While still on Apple, she released a few more Visconti-produced songs. They're now bonus tracks on Earth Song / Ocean Song and Those Were the Days, and they represent more of a mixed bag than the original albums. Harvey Andrews's spare "When I Am Old One Day" could be Nick Drake or a folk-informed eccentric such as Julian Cope. McTell's "Kew Gardens" takes English folkiness into hokiness, with the titular park's griffins smiling and crying. The arrangement of Bernard Estrada and Martine Habib's "Let My Name Be Sorrow" goes over the top, burying Hopkin under soaring orchestra and choir that suggest Phil Spector's free hand on the Beatles' "The Long and Winding Road."

After Apple, Hopkin went on to solo recordings. She worked with bands. She sang backup on Bowie's "Sound and Vision," from Low (1977). She made guest appearances, as on the wordless, ethereal "Rachel's Song" on Vangelis's Blade Runner (1994). Her independent releases are available at www.maryhopkin.com, and all of her post-Apple work is ripe for chronicling by some enterprising Hopkin devotee or for picking through by a record label wanting to assemble an anthology.

Hopkin's BBC recordings have not been officially released, but a YouTube contributor performed a loving act of public service by compiling them in a ninety-minute video. For about the first forty minutes, Hopkin sounds like a '60s pop chanteuse, with a bit of Joan Baez and a bit of Broadway. Apart from her own hits, she delivers somewhat schmaltzy songs as part of the Eurovision song competition.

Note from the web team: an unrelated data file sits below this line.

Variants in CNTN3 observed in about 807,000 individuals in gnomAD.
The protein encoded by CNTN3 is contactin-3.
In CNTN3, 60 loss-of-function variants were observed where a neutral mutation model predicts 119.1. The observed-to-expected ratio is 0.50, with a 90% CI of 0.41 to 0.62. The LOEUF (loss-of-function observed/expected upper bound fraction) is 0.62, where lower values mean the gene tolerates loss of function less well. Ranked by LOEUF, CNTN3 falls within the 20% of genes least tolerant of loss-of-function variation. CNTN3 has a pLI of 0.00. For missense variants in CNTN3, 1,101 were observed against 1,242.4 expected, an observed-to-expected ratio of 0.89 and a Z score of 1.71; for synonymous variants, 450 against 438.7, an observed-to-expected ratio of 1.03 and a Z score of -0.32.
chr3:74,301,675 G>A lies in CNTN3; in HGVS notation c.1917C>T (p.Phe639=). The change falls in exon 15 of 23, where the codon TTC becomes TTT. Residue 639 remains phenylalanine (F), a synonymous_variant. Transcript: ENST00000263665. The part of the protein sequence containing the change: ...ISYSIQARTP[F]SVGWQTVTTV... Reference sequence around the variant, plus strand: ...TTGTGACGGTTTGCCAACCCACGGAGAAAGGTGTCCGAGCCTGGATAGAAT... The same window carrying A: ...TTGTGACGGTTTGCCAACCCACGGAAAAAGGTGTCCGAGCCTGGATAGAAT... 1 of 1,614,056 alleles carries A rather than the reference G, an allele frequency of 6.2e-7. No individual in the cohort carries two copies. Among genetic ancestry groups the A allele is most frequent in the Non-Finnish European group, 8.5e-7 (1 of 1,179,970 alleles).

Then comes "Ocean Song," and the transformation is striking. Accompanied only by acoustic guitar and simple strings, Hopkin suddenly matures from popster/folksinger to intensely focused balladeer. She delivered the lighter fare perfectly well, but her lovely voice deepens as it digs into layers of expression. At the end of "Ocean Song," the DJ seems truly moved when he announces, "Only one word for that: beautiful."

"Beautiful" comes readily to mind in listening to Hopkin's Apple recordings. "Exquisite" applies to the best of them. Some voices seem made for specific purposes: Aretha Franklin's to shout triumphantly, Barry White's to croon seductively, Loretta Lynn's to deliver down-home truths, and so on. Mary Hopkin's high, crystalline voice embodies a purity of spirit that is aware of tribulation in the human world but chooses to look for calm, especially in nature.